Now to address the "see below" comments. In the manual it describes the actions of the interpreter as calling a function called spread, which takes the arguments given in a Lisp function call and puts them into the machine registers expected with LISP 1.5's calling convention, and then executes an unconditional branch instruction after updating the value of a variable called $ALIST to the environment passed to eval or to apply. In the case of fsubr, instead of calling spread, since the function will always get two arguments, it places them directly in the registers.
You will note that apply is considered to be a part of the evaluator, while in Common Lisp apply and eval are quite different. Here it takes an environment as its final argument, just like eval. This fact highlights an incredibly important difference between LISP 1.5 and Common Lisp: When a function is executed in LISP 1.5, it is run in the environment of the function calling it. In contrast, Common Lisp creates a new lexical environment whenever a function is called. To exemplify the differences, the following code, if Common Lisp were evaluated like LISP 1.5, would be valid:
(defun weird (a b) (other-weird 5)) (defun other-weird (n) (+ a b n)) 
In Common Lisp, the function weird creates a lexical environment with two variables (the parameters a and b), which have lexical scope and indefinite extent. Since the body of other-weird is not lexically within the form that binds a and b, trying to make reference to those variables is incorrect. You can thwart Common Lisp's lexical scoping by declaring those variables to have indefinite scope:
(defun weird (a b) (declare (special a b)) (other-weird 5)) (defun other-weird (n) (declare (special a b)) (+ a b n)) 
The special declaration tells the implementation that the variables a and b are to have indefinite scope and dynamic extent.
Let's talk now about the funarg branch of apply. The function/funarg device was introduced some time in the sixties in an attempt to solve the scoping problem exemplified by the following problematic definition (using Common Lisp syntax):
(defun testr (x p f u) (cond ((funcall p x) (funcall f x)) ((atom x) (funcall u)) (t (testr (cdr x) p f (lambda () (testr (car x) p f u)))))) 
This function is taken from page 11 of John McCarthy's History of Lisp.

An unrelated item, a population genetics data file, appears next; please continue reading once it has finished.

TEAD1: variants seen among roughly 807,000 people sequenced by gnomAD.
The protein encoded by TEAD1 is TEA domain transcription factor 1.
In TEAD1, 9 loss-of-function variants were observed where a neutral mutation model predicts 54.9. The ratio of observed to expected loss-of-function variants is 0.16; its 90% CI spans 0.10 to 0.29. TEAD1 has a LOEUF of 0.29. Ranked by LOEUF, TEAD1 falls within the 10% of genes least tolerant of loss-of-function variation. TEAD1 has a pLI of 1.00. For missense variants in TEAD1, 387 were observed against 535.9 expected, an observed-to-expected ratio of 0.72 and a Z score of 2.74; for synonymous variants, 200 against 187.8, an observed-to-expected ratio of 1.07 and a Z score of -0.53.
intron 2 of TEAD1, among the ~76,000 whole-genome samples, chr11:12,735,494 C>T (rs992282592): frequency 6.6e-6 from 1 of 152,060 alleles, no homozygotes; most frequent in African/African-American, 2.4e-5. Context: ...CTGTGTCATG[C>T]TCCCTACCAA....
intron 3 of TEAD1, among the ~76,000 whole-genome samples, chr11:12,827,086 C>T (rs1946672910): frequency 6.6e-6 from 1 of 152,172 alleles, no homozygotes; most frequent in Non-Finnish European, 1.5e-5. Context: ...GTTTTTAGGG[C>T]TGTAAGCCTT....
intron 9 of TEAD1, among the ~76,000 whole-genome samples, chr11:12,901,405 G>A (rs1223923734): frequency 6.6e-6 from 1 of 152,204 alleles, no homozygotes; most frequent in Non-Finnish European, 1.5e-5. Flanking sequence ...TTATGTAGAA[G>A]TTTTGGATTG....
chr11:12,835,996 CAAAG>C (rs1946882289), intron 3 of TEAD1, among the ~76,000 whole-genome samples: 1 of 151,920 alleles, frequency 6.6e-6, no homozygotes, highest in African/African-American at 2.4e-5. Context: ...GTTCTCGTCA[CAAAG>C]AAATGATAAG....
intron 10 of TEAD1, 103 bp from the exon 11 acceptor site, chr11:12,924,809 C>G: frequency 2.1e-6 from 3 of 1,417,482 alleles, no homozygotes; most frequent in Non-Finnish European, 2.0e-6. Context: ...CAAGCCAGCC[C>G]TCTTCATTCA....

The only problematic part is the (car x) in the lambda in the final branch. The LISP 1.5 evaluator does little more than textual substitution when applying functions; therefore (car x) will refer to whatever x is currently bound whenever the function (lambda expression) is applied, not when it is written.
How do you fix this issue? The solution employed in LISP 1.5 was to capture the environment present when the function expression is written, using the function operator. When the evaluator encounters a form that looks like (function f), it converts it into (funarg f environment), where environment is the current environment during that call to eval. Then when apply gets a funarg form, it applies the function in the environment stored in the funarg form instead of the environment passed to apply.
Something interesting arises as a consequence of how the evaluator works. Common Lisp, as is well known, has two separate name spaces for functions and for variables. If a Common Lisp implementation encounters
(lambda (f x) (f x)) 
the result is not a function applying one of its arguments to its other argument, but rather a function applying a function named f to its second argument. You have to use an operator like funcall or apply to use the functional value of the f parameter. If there is no function named f, then you will get an error. In contrast, LISP 1.5 will eventually find the parameter f and apply its functional value, if there isn't a function named f—but it will check for a function definition first. If a Lisp dialect that has a single name space is called a "Lisp-1", and one that has two name spaces is called a "Lisp-2", then I guess you could call LISP 1.5 a "Lisp-1.5"!